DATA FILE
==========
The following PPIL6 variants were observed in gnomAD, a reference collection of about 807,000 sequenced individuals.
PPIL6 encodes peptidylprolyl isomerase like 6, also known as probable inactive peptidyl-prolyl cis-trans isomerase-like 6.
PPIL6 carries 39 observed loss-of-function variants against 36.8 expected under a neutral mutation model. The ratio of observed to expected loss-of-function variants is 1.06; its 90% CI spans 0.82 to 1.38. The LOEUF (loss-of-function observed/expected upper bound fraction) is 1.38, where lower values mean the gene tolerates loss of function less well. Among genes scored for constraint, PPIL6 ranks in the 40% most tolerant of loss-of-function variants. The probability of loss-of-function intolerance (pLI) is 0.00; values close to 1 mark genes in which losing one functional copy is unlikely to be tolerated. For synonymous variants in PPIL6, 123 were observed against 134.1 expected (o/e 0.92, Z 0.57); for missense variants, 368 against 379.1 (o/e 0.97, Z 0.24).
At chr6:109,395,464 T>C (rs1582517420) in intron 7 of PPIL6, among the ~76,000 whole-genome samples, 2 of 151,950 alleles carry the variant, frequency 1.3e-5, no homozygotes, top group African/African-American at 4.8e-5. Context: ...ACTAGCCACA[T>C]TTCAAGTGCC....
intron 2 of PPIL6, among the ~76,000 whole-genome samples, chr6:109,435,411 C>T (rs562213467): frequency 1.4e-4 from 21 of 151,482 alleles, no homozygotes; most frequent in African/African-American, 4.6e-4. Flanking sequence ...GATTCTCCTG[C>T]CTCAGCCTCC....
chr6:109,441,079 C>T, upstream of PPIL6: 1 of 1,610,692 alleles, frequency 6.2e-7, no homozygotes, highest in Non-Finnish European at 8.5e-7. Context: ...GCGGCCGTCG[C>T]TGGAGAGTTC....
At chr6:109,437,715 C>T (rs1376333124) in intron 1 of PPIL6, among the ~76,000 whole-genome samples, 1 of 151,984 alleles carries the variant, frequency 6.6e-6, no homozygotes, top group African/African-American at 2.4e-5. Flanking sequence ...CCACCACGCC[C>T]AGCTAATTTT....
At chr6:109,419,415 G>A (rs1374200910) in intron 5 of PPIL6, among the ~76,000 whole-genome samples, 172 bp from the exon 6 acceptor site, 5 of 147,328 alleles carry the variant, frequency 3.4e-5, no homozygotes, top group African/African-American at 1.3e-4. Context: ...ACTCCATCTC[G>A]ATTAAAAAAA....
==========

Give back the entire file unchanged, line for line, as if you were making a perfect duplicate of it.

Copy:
The following PPIL6 variants were observed in gnomAD, a reference collection of about 807,000 sequenced individuals.
PPIL6 encodes peptidylprolyl isomerase like 6, also known as probable inactive peptidyl-prolyl cis-trans isomerase-like 6.
PPIL6 carries 39 observed loss-of-function variants against 36.8 expected under a neutral mutation model. The ratio of observed to expected loss-of-function variants is 1.06; its 90% CI spans 0.82 to 1.38. The LOEUF (loss-of-function observed/expected upper bound fraction) is 1.38, where lower values mean the gene tolerates loss of function less well. Among genes scored for constraint, PPIL6 ranks in the 40% most tolerant of loss-of-function variants. The probability of loss-of-function intolerance (pLI) is 0.00; values close to 1 mark genes in which losing one functional copy is unlikely to be tolerated. For synonymous variants in PPIL6, 123 were observed against 134.1 expected (o/e 0.92, Z 0.57); for missense variants, 368 against 379.1 (o/e 0.97, Z 0.24).
At chr6:109,395,464 T>C (rs1582517420) in intron 7 of PPIL6, among the ~76,000 whole-genome samples, 2 of 151,950 alleles carry the variant, frequency 1.3e-5, no homozygotes, top group African/African-American at 4.8e-5. Context: ...ACTAGCCACA[T>C]TTCAAGTGCC....
intron 2 of PPIL6, among the ~76,000 whole-genome samples, chr6:109,435,411 C>T (rs562213467): frequency 1.4e-4 from 21 of 151,482 alleles, no homozygotes; most frequent in African/African-American, 4.6e-4. Flanking sequence ...GATTCTCCTG[C>T]CTCAGCCTCC....
chr6:109,441,079 C>T, upstream of PPIL6: 1 of 1,610,692 alleles, frequency 6.2e-7, no homozygotes, highest in Non-Finnish European at 8.5e-7. Context: ...GCGGCCGTCG[C>T]TGGAGAGTTC....
At chr6:109,437,715 C>T (rs1376333124) in intron 1 of PPIL6, among the ~76,000 whole-genome samples, 1 of 151,984 alleles carries the variant, frequency 6.6e-6, no homozygotes, top group African/African-American at 2.4e-5. Flanking sequence ...CCACCACGCC[C>T]AGCTAATTTT....
At chr6:109,419,415 G>A (rs1374200910) in intron 5 of PPIL6, among the ~76,000 whole-genome samples, 172 bp from the exon 6 acceptor site, 5 of 147,328 alleles carry the variant, frequency 3.4e-5, no homozygotes, top group African/African-American at 1.3e-4. Context: ...ACTCCATCTC[G>A]ATTAAAAAAA....